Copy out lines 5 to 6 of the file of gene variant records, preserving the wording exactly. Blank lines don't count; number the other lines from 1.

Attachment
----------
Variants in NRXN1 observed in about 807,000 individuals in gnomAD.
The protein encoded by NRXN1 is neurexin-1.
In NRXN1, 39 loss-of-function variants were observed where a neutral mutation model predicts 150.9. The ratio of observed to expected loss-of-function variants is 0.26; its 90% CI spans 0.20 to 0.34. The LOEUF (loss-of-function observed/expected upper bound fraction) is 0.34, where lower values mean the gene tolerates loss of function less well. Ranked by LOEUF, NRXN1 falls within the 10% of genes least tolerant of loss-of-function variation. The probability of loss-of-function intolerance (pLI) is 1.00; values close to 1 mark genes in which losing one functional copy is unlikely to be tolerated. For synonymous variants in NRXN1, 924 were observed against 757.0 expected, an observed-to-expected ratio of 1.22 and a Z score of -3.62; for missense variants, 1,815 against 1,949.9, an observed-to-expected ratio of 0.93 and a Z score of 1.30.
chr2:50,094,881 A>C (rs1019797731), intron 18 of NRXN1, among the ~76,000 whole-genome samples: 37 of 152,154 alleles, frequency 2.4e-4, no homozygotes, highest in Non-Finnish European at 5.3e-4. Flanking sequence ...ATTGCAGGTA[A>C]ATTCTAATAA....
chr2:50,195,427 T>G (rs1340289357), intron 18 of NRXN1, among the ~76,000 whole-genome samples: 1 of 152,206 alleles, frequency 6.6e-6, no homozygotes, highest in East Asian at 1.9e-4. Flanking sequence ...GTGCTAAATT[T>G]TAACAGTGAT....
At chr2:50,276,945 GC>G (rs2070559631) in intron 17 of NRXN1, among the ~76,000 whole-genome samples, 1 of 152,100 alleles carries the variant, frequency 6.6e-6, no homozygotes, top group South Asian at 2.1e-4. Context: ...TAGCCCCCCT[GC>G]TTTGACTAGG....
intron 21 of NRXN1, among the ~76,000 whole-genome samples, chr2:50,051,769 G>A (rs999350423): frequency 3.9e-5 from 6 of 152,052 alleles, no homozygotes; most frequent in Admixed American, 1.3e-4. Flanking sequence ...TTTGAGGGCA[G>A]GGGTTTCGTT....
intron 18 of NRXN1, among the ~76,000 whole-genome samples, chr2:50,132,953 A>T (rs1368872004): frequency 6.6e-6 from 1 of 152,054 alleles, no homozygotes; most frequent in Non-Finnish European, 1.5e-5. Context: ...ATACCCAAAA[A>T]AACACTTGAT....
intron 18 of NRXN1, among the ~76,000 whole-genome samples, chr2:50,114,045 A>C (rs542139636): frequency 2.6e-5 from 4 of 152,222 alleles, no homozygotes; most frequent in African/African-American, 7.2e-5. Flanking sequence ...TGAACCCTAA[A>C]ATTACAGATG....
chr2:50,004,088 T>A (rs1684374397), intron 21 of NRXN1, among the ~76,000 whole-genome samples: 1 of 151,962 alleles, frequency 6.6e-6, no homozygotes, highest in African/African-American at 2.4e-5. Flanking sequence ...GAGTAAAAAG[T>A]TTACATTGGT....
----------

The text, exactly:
chr2:50,195,427 T>G (rs1340289357), intron 18 of NRXN1, among the ~76,000 whole-genome samples: 1 of 152,206 alleles, frequency 6.6e-6, no homozygotes, highest in East Asian at 1.9e-4. Flanking sequence ...GTGCTAAATT[T>G]TAACAGTGAT....
At chr2:50,276,945 GC>G (rs2070559631) in intron 17 of NRXN1, among the ~76,000 whole-genome samples, 1 of 152,100 alleles carries the variant, frequency 6.6e-6, no homozygotes, top group South Asian at 2.1e-4. Context: ...TAGCCCCCCT[GC>G]TTTGACTAGG....